Re: Mooji a cult?
Date: June 16, 2017 11:23PM
Okay, I will quickly consider these. Really it's clear to me that Mooji is an open-ended spiritual group/New Age/new-religion, but not a cult.
It’s important clearly define each word here I think. But just for starters, we have to distinguish between a cult and a destructive cult. Mooji is clearly a personality cult based around devotion to that man. And many decisions and life choices of those around him could be being controlled by him.
1. Milieu Control. This involves the control of information and communication both within the environment and, ultimately, within the individual, resulting in a significant degree of isolation from society at large.
Mooji is the fount of knowledge. Communication during satsang takes the form of dialogue with him. Individuals living at the ashram might become isolated from society at large, just like anyone at an ashram or monastery might. But they can leave whenever they like.
“They can leave whenever they like” is a common refrain from destructive cults. But it doesn’t take into account the amount of investment and implicit pressure that exists once you have fully committed to a spiritual group, whether wittingly or not. So that’s applicable here.
It also, I have read, applies to ‘thought-stopping’- i.e. the ability of the groupspeak to quash any critical thinking that arises, perhaps by saying that “the devil has got hold of them” or that they have “given in to their ego”.
2. Mystical Manipulation. There is manipulation of experiences that appear spontaneous but in fact were planned and orchestrated by the group or its leaders in order to demonstrate divine authority or spiritual advancement or some special gift or talent that will then allow the leader to reinterpret events, scripture, and experiences as he or she wishes.
During satsangs you sometimes witness individuals screaming or having panic attacks. Mooji remaining calm while it goes on, and may have them come to the front so he can try to calm them down. Sometimes this works, sometimes it doesn't. These energetic outbursts are just something that happens spontaneously when people freak out in satsang.
This not what mystical manipulation means. It refers to a situation eg: the guru tells one senior member of the group to place subtle psychological pressure on someone. This builds up and builds up, until the potential recruit snaps and has a breakdown. The guru is then there to “catch” them and “save” them. This is then framed as a breakthrough. It is possible that behind the scenes, many of these people who come forward have been set up into their extreme responses by this, behind-the-scenes- mystical manipulation.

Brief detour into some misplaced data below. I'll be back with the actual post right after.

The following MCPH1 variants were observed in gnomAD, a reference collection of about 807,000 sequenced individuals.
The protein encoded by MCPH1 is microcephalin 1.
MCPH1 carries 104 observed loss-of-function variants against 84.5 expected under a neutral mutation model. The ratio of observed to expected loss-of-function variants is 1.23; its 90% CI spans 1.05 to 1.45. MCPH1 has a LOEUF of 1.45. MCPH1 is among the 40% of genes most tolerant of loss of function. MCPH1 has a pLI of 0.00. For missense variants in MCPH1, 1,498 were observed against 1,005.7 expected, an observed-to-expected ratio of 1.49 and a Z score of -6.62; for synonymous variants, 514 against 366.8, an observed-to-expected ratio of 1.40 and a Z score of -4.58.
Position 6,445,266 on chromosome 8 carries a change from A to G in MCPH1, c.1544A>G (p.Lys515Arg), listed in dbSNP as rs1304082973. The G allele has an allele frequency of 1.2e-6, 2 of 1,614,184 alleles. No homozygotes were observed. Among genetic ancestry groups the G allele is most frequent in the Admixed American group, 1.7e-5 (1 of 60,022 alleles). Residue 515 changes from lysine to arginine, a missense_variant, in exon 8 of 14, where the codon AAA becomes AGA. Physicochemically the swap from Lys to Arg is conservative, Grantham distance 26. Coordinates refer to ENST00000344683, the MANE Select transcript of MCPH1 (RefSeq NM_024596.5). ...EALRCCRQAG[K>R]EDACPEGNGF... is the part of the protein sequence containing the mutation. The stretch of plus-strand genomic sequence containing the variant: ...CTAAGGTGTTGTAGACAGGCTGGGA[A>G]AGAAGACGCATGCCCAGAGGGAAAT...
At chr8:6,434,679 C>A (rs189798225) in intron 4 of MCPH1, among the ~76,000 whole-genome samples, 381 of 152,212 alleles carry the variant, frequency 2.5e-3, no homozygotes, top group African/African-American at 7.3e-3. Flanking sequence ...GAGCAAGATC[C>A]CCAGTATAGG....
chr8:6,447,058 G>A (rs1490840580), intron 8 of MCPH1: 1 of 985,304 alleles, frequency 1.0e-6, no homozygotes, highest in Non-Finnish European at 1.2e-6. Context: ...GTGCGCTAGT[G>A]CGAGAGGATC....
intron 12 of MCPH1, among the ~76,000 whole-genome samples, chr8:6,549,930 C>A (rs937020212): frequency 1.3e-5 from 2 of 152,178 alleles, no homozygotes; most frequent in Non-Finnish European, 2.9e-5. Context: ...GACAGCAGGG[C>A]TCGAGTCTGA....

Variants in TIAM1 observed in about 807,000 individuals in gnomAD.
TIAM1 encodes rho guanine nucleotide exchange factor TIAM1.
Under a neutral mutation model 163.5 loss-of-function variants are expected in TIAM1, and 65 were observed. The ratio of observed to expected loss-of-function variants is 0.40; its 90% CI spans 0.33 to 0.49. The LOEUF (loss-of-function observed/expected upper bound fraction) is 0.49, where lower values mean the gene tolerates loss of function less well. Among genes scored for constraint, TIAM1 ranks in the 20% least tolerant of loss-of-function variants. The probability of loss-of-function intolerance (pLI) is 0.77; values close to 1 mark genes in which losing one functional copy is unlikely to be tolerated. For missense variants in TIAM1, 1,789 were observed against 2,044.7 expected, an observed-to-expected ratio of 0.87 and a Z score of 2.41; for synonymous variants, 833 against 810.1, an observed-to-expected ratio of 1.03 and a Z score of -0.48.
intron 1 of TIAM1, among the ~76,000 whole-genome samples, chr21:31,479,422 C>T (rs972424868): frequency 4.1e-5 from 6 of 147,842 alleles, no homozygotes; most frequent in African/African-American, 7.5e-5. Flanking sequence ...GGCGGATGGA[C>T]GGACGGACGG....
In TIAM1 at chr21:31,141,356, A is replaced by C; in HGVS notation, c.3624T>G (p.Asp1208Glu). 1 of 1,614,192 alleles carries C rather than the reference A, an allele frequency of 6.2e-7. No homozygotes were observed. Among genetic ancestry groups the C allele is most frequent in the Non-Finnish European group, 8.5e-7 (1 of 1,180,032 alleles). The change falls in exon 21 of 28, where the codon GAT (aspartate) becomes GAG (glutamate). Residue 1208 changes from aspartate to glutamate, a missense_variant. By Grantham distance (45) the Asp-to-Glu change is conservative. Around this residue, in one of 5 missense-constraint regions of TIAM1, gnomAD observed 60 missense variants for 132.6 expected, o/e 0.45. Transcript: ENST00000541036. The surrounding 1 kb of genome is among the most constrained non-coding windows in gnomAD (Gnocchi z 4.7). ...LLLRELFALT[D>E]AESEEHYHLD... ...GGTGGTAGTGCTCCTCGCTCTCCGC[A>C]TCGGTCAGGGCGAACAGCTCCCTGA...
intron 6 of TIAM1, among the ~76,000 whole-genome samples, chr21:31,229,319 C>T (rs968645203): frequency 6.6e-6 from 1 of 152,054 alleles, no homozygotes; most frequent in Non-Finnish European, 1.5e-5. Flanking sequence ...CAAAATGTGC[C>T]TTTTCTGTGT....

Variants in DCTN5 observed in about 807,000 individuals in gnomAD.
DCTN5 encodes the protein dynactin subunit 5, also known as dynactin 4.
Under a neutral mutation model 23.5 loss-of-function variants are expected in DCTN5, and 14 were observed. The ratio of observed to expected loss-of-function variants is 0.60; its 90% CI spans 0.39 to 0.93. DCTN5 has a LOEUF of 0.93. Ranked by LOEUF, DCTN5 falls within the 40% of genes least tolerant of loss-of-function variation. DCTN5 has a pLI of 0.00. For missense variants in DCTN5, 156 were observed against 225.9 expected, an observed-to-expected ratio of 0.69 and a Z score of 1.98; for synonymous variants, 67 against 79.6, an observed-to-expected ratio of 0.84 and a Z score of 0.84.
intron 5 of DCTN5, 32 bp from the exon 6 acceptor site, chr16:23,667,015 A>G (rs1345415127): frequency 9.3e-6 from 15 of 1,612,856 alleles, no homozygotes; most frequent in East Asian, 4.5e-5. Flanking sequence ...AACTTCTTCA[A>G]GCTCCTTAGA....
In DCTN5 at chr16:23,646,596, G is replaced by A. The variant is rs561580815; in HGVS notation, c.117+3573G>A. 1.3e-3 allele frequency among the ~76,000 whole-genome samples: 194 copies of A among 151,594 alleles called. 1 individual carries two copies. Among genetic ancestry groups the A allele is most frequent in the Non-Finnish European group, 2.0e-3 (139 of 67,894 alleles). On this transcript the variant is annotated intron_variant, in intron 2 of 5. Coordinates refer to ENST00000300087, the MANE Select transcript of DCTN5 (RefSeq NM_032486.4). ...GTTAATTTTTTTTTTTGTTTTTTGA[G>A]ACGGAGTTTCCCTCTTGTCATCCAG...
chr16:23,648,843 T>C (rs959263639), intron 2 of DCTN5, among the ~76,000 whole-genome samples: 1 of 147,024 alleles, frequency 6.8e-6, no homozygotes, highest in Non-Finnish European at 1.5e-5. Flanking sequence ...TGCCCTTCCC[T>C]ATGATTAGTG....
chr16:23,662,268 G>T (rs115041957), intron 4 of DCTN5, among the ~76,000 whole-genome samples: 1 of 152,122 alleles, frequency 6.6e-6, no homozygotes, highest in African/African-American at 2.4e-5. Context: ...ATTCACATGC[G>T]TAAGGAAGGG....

3. Demand for Purity. The world is viewed as black and white and the members are constantly exhorted to conform to the ideology of the group and strive for perfection. The induction of guilt and/or shame is a powerful control device used here.
There is never any guilt or shame from Mooji. He is incredibly patient and charitable with everybody, even those who have made little or no attempt to follow his pointings.
OK. I don’t know. I haven’t seen evidence of that on screen. I don’t know if people higher up in the group are being shamed and pressured to conform. Or threatened with expulsion, shunned etc.
4. Confession. Sins, as defined by the group, are to be confessed either to a personal monitor or publicly to the group. There is no confidentiality; members' "sins," "attitudes," and "faults" are discussed and exploited by the leaders.
People do say to him in satsang "I just wanted to expose this", but it will be some impersonal infraction they believe they have committed regarding not having sufficiently followed his teachings. There's never any shame to it.
Again, this assumes there is no mystical manipulation going on. But there is also the aspect of whether there is any right to confidentiality. Is there a culture of other members informing on each other? Is personal privacy respected? Or is “personal privacy” twisted into an evil concept within the group? This is the cult of confession within destructive groups.